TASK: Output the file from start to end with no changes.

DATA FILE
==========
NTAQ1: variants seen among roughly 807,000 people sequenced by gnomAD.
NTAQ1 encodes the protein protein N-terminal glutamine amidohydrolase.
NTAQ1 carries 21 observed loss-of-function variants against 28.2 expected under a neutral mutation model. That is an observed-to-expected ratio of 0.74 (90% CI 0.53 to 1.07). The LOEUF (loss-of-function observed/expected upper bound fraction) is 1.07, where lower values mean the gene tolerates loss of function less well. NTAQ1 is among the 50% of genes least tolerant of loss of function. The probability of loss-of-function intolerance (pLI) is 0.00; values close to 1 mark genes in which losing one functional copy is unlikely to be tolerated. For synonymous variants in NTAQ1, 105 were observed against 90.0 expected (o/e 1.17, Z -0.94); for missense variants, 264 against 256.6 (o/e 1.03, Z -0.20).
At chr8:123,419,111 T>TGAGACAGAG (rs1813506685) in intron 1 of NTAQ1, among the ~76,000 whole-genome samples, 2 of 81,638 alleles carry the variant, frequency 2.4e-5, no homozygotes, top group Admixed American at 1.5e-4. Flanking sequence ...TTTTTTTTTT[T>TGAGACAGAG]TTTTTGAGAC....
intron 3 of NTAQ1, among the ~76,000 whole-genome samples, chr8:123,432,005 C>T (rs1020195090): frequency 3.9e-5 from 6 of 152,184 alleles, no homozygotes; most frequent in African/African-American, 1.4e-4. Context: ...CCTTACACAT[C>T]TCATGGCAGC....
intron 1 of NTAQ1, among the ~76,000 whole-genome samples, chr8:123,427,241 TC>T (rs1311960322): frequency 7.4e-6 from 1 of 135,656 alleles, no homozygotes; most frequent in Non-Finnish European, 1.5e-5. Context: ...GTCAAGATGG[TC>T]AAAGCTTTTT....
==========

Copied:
NTAQ1: variants seen among roughly 807,000 people sequenced by gnomAD.
NTAQ1 encodes the protein protein N-terminal glutamine amidohydrolase.
NTAQ1 carries 21 observed loss-of-function variants against 28.2 expected under a neutral mutation model. That is an observed-to-expected ratio of 0.74 (90% CI 0.53 to 1.07). The LOEUF (loss-of-function observed/expected upper bound fraction) is 1.07, where lower values mean the gene tolerates loss of function less well. NTAQ1 is among the 50% of genes least tolerant of loss of function. The probability of loss-of-function intolerance (pLI) is 0.00; values close to 1 mark genes in which losing one functional copy is unlikely to be tolerated. For synonymous variants in NTAQ1, 105 were observed against 90.0 expected (o/e 1.17, Z -0.94); for missense variants, 264 against 256.6 (o/e 1.03, Z -0.20).
At chr8:123,419,111 T>TGAGACAGAG (rs1813506685) in intron 1 of NTAQ1, among the ~76,000 whole-genome samples, 2 of 81,638 alleles carry the variant, frequency 2.4e-5, no homozygotes, top group Admixed American at 1.5e-4. Flanking sequence ...TTTTTTTTTT[T>TGAGACAGAG]TTTTTGAGAC....
intron 3 of NTAQ1, among the ~76,000 whole-genome samples, chr8:123,432,005 C>T (rs1020195090): frequency 3.9e-5 from 6 of 152,184 alleles, no homozygotes; most frequent in African/African-American, 1.4e-4. Context: ...CCTTACACAT[C>T]TCATGGCAGC....
intron 1 of NTAQ1, among the ~76,000 whole-genome samples, chr8:123,427,241 TC>T (rs1311960322): frequency 7.4e-6 from 1 of 135,656 alleles, no homozygotes; most frequent in Non-Finnish European, 1.5e-5. Context: ...GTCAAGATGG[TC>T]AAAGCTTTTT....